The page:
Category Archives: Bronco Men’s Golf

Newest Bronco golfer has similarities for famous NMMI grad

Robert Choi – third from left – with his parent, golf coach, head NMMI coach, and the members of of the NMMI Sports Medicine staff.

NMMI Sports Press

Robert Choi in his ACU uniform.

The newest Bronco golfer has something in common with a very famous NMMI athlete. See if you can figure out who.

Robert Choi, who hails from Hawaii, wanted to go to West Point from high school. But his math grades were a bit too low, so they suggested he come to NMMI for a semester to fix those grades before he enrolls in the service academy.

He and his parents thought that was a good idea, and now he’s a New Mexico Military Institute cadet.

Have you guessed yet who has a similar trajectory?

Choi — no relation to Peter and Paul Choi, Bronco grads who are headed to Sterling, Kansas, to continue their college careers — follows in the footsteps of Navy and NFL star Roger Staubach, who came to the Institute to make up a deficiency in English before going to Annapolis.

Whether Choi will reach those heights is still an unknown, but for someone who only truly started in the sport four years ago, coach Andy Robertson is pleased.

“We’re very excited to have him,” the coach said. “To be at this level is just unreal.”

Choi improved his golf game while enrolled in the KMR School of Golf, a prestigious academy at the Ko’ Olau Golf Course in Honolulu. Under the practiced eye of coach Kevin Rolbovsky, Choi practiced for four hours daily — his only day off was Sunday, and he was on the course then — and he improved quickly.

“Like all our students, we gave him a trial period and he did very well and it seemed like he was a good fit,” Rolbovsky said. “He’s very athletic. Played a lot of other sports, so we were able to translate that athletic ability into his golf swing very quickly. Then it’s just a matter of every day, trying to make it a little better, a little cleaner with his technique.”

The coach — who accompanied Choi and his parents to NMMI for the signing — has no doubt he’ll make a mark with the BRoncos.

“He’s developed into a really nice hitter of the golf ball. Very long. Very straight. His tee to green game is outstanding. Still has room for improvement on the scoring side of things, but it’s just a matter of time.”

Choi is confident with his game on the fairways.

“I think I hit the driver pretty far for my size,” he said. “I’m pretty strong and accurate with my irons, and I believe that’s an important part of your golf game and will bring your score down.”

In April, the future Bronco tied for 22nd in the Mid-Pacific Open, a solid PGA four-day tournament in Lanikai on Oahu.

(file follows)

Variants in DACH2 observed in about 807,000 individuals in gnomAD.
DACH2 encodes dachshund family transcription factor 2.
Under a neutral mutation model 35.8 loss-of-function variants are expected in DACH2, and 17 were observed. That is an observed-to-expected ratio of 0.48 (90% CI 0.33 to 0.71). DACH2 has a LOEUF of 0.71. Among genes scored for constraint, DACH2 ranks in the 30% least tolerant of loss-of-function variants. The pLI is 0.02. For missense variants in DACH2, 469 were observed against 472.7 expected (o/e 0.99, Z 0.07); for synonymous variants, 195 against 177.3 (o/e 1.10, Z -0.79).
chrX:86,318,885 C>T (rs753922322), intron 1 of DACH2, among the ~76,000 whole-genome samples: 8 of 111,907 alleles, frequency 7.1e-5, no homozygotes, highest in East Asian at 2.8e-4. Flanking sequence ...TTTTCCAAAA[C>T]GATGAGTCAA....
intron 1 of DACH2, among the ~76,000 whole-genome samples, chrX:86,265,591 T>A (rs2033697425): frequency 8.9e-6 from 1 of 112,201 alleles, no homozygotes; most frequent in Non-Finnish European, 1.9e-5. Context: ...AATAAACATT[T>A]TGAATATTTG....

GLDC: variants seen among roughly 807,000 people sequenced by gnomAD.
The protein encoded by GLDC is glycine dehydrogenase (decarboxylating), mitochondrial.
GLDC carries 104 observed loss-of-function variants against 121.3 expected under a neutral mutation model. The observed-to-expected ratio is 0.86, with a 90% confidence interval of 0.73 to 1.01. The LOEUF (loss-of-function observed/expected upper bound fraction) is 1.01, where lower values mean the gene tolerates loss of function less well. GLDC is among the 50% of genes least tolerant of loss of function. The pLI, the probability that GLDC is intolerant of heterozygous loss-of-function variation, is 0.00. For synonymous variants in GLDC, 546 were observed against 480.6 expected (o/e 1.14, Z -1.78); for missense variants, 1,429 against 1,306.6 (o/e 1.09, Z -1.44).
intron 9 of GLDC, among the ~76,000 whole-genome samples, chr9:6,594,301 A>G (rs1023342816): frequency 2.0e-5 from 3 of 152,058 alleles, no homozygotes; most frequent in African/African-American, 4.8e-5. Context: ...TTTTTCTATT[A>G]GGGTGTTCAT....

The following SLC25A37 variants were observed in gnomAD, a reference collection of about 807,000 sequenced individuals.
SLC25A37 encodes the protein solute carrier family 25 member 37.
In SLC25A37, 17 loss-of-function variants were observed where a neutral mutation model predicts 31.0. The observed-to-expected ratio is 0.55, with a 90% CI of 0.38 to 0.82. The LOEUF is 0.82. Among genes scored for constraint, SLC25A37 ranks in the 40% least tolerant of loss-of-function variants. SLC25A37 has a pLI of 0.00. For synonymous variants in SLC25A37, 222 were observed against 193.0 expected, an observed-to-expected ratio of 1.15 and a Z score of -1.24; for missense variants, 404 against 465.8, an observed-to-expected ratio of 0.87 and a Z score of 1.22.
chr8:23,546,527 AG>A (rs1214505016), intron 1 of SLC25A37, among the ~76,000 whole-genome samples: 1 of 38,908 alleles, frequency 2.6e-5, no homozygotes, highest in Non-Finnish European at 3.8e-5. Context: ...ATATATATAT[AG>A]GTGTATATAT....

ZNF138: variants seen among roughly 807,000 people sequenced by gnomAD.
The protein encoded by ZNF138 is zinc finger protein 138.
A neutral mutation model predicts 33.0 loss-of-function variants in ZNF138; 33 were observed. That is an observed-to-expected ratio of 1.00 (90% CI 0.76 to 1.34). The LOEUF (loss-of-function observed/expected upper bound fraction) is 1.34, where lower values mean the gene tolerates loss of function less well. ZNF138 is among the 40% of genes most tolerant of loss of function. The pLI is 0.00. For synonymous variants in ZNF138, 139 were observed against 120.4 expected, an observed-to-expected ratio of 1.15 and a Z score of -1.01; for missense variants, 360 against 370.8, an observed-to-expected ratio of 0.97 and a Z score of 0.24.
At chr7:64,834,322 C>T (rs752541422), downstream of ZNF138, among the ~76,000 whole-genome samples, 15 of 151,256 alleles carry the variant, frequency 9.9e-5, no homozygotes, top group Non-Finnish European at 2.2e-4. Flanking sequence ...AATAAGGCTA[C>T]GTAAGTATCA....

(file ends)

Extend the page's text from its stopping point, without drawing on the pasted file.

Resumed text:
Everyone at the signing seemed excited to be in New Mexico — “I like this school very much. I appreciate coach Robertson allowing my son to play here,” said father Patrick Choi — and the younger Choi had a lot of people to thank for the opportunity.

“I’d like to thank my family, of course, for making me who I am today, and I’d like to thank my coach for helping me with my game and all the things he’s done for me.”

Broncos place 5th at windy Wiginton Intercollegiate

NMMI’s Peter Choi looks down the No. 1 fairway prior to his tee shot in the first round of play at the Wiginton Intercollegiate Golf Tournament.]

NMMI’s Peter Choi looks down the No. 1 fairway prior to his tee shot in the first round of play at the Wiginton Intercollegiate Golf Tournament.]


Paul Montoya with long iron out of the rough on 18.

Paul Montoya with long iron out of the rough on 18.

NMMI Sports Press

It was two completely different 18-hole rounds at the inaugural Sonny Wiginton Intercollegiate Golf Tournament, held at the New Mexico Military Institute Golf Course on Sunday, Mar. 5th. The winds picked up dramatically for the second half of the 36-hole, 1-day competition, sending most scores, including the host team NMMI Broncos’, into the stratosphere.

Tee shot off No. 1 by Lucas Bohannon.

Tee shot off No. 1 by Lucas Bohannon.

“After the first 18, there were four teams tied at 284 and we were four shots back at 288,” explained head Bronco golf coach Andy Robertson.  “Our second round came in at 304. We didn’t get it done, we needed one more good score and ended up finishing fifth. I thought the winds would be in our favor, but it ended up hurting the home team; why I don’t know,” continued coach.

Although disappointed with the afternoon team tally, coach Robertson was pleased with the performance of Peter Choi. Choi shot two-over par to finish in a three-way tie for seventh place in the individual portion of the tournament.

Deric Loving getting the read on a 15-foot birdie putt on 11.

Deric Loving getting the read on a 15-foot birdie putt on 11.

As a team going into the tournament on Sunday, NMMI was listed as 17th in the nation, but coach Robertson doesn’t think they’ll drop down in the rankings, since two of the teams ahead of NMMI were four-year schools, and because they finished ahead of ninth-ranked New Mexico Junior College.